The Washington Football Team's second session of open training camp spanned from Saturday to Tuesday. It featured a spirited speech from Ron Rivera, the offense's best play so far and a glimpse of what Chase Young is capable of.
Before the Burgundy and Gold get back to it with their Thursday practice at FedEx Field, let's check in on who's rising and who's falling in light of their performances over the course of those four days.
McLaurin has picked up a lot of nicknames during his short stint in the NFL. With that in mind, here's one more: Terry Targets.
The emerging star is almost always Dwayne Haskins' first read, and sometimes, it feels like he's his second and third look as well. McLaurin is going to be all sorts of involved in 2020 and he appears more than ready for it. The guy just doesn't drop passes and his routes are crisper than some overdone bacon.
Darby loves Rivera's defensive system and it's evident in his play. The corner has more than held his own in his 1-on-1 battles with McLaurin lately and he got his hands on a ton of passes in the recent stretch of camp.
The starting spot opposite of Kendall Fuller was supposed to be a close race between Darby and Fabian Moreau, but Darby's definitely separating himself with what he's doing. On Tuesday, Rivera told the media he's been "really impressed with" the ex-Eagle.
The 2018-third rounder has taken advantage of Saahdiq Charles' absence and is in line to be Washington's starting left tackle come Week 1, as he's gotten a lot more work with the first-stringers than Cornelius Lucas has.
On Tuesday, Christian spoke to how he changed his approach this offseason and decided to take things more seriously.
"I knew we had Trent [Williams], I knew we had Morgan [Moses], I knew we had those guys," he said about his rookie and second campaigns. "Playing before... I feel like my mindset should've been more aggressive. I was working to get ready, but I just didn't notice how soon my name could be called upon."
Good on Christian for adjusting. Fans may be nervous about the thought of him setting up at such a key position, but remember that he's a Day 2 pick entering his third year. This is his time to assert himself, which he's absolutely done in Ashburn up to this point.
In the first session of practices, Apke lined up next to Landon Collins as a starting safety. Was he there because he earned it, or because he was a part of all the experimental lineups Rivera explained he would be rolling out early on? It was easy to assume the latter.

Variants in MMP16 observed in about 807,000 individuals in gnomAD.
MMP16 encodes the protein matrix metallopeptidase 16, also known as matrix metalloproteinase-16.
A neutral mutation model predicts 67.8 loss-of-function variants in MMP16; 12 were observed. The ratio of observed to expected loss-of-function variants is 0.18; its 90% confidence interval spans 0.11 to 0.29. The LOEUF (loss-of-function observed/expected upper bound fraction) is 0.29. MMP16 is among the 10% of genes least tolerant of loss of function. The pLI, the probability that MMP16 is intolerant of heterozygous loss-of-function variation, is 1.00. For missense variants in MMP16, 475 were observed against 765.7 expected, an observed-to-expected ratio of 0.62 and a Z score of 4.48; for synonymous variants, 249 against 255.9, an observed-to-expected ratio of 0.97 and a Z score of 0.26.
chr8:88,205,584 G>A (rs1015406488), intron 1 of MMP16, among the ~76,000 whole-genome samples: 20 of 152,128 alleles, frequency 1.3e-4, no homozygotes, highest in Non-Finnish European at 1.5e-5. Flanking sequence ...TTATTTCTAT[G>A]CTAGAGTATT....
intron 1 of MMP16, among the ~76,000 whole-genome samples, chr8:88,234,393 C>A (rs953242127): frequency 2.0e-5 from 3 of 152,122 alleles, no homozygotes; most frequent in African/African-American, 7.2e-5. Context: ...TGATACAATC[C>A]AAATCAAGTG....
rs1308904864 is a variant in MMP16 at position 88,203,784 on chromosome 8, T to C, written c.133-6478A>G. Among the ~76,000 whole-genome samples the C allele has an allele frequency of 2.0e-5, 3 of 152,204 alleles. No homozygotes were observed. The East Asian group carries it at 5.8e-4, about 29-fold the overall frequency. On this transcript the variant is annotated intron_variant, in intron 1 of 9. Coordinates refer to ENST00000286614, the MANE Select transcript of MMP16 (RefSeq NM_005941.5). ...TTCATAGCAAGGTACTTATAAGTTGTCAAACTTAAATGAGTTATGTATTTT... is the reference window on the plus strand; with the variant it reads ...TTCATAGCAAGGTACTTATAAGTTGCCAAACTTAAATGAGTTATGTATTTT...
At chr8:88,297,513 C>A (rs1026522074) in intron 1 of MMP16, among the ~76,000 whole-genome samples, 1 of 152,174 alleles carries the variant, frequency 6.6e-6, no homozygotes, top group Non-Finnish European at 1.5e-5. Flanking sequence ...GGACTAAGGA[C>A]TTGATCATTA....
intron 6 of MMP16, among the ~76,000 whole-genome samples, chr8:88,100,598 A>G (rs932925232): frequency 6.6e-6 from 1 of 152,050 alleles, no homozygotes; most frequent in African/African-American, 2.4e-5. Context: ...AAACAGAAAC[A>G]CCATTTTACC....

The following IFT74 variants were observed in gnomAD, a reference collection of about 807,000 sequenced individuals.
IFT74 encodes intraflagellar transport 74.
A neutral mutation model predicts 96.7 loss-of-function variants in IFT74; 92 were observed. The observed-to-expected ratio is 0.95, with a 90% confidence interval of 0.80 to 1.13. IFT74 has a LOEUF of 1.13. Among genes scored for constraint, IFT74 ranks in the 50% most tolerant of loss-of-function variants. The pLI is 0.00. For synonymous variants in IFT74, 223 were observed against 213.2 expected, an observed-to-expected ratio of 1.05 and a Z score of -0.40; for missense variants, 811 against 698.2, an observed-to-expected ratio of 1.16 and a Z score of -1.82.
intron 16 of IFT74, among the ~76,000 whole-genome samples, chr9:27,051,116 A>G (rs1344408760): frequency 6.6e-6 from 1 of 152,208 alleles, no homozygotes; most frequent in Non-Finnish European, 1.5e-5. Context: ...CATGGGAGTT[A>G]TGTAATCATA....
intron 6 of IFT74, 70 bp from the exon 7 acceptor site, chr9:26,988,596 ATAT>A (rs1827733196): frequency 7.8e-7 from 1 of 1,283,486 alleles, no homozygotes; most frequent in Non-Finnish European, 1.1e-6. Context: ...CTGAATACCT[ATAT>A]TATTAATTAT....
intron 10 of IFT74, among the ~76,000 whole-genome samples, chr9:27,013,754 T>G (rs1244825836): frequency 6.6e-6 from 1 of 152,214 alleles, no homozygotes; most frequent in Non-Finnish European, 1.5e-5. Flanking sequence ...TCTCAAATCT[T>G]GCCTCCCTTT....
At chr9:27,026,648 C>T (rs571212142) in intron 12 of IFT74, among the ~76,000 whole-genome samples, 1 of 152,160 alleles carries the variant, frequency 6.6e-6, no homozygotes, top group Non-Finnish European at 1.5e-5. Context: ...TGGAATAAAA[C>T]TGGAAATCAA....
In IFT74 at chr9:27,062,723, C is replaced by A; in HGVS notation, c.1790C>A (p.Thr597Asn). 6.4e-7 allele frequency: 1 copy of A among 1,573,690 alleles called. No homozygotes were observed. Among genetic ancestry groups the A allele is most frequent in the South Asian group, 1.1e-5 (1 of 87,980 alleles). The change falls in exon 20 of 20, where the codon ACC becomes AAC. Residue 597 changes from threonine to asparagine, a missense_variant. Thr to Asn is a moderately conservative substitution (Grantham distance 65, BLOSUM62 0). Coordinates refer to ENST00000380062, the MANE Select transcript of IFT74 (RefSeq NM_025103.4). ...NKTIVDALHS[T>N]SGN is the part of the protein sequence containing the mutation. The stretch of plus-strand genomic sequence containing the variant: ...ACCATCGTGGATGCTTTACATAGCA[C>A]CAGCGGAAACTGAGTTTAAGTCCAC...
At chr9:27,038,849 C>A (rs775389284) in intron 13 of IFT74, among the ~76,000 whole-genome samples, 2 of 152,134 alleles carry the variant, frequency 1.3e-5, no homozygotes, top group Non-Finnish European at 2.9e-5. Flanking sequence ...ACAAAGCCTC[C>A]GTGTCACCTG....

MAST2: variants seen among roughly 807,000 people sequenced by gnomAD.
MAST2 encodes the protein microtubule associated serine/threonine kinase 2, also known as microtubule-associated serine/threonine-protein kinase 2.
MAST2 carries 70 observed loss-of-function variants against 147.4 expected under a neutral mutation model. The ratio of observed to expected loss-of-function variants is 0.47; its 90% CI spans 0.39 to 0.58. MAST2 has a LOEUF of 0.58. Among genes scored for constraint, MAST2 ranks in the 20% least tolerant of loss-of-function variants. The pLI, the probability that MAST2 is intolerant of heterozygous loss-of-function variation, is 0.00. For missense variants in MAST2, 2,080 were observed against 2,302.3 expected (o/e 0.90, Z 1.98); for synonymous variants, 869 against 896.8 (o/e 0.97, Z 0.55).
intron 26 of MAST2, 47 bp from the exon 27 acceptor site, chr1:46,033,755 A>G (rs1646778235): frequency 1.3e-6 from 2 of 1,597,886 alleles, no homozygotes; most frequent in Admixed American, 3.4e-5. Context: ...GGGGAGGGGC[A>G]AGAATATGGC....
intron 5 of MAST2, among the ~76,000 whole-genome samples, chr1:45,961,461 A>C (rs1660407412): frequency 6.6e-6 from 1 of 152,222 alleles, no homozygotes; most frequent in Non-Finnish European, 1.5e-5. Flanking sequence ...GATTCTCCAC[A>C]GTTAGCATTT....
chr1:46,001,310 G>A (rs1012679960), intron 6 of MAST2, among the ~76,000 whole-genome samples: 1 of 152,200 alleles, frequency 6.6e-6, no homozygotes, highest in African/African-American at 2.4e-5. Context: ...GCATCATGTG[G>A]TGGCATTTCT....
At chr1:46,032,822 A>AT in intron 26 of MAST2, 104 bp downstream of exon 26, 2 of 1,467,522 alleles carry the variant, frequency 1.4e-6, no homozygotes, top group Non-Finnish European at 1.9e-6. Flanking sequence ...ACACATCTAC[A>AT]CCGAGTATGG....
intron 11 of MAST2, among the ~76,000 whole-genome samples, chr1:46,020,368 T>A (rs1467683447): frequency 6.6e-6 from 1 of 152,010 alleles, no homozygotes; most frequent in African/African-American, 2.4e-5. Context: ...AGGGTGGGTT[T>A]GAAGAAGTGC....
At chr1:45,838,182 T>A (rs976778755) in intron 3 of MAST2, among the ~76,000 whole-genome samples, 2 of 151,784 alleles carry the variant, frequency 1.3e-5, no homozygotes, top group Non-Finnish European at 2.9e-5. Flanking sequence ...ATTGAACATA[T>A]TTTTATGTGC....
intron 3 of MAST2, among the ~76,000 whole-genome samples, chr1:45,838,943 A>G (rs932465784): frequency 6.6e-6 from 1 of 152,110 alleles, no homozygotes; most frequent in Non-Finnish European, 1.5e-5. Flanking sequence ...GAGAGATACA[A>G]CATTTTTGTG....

But there was Apke again in the second collection of workouts, still holding things down with Collins. While Rivera has mixed things up elsewhere on his depth chart, Apke hasn't moved. And he's been playing with a lot more physicality, too, which isn't something he's always had.
Like Christian, Apke was tabbed as someone who could be on their way out due to a uninspiring start to his career and a regime change within the franchise. Also like Christian, he's actually surging instead of fading.
The excitement was real when Foster was activated off the PUP list, but he just hasn't done much at linebacker since. The former first-rounder has been rotating in with the backups and backup backups and he's yet to really have an impact.
This is someone who admitted to still having confidence issues in his knee, and that's understandable. Hopefully, he can continue to rebuild that. Sadly, right now, it's holding him back from factoring in to the front-seven conversation.
Davis' placement in this category directly relates to what Apke is doing.
When Washington signed Davis to a decent one-year deal in March, he was presumed to be Collins' next comrade on the back end. Yet that just hasn't unfolded.
In a camp where members of the secondary like Darby, Apke, Greg Stroman, Kendall Fuller and even seventh-round selection Kamren Curl are thriving, Davis' moments haven't come yet.
Gandy-Golden hasn't been outright disappointing in his first NFL camp, it's just that he hasn't been an outright standout, which was the hope when Washington snagged him on Day 3 in the draft.
The Liberty product has shown an ability to get open; the problem has been capitalizing once the ball comes his way. For a target who's supposed to dominate in 50-50 situations, he's producing at a ratio that's closer to 25-75.
These slight struggles aren't that surprising for a rookie who's coming out of such a small school and who didn't have a single OTA or minicamp to learn from, and his future remains bright. In the short term, however, Dontrelle Inman might be the better receiver to use across from McLaurin.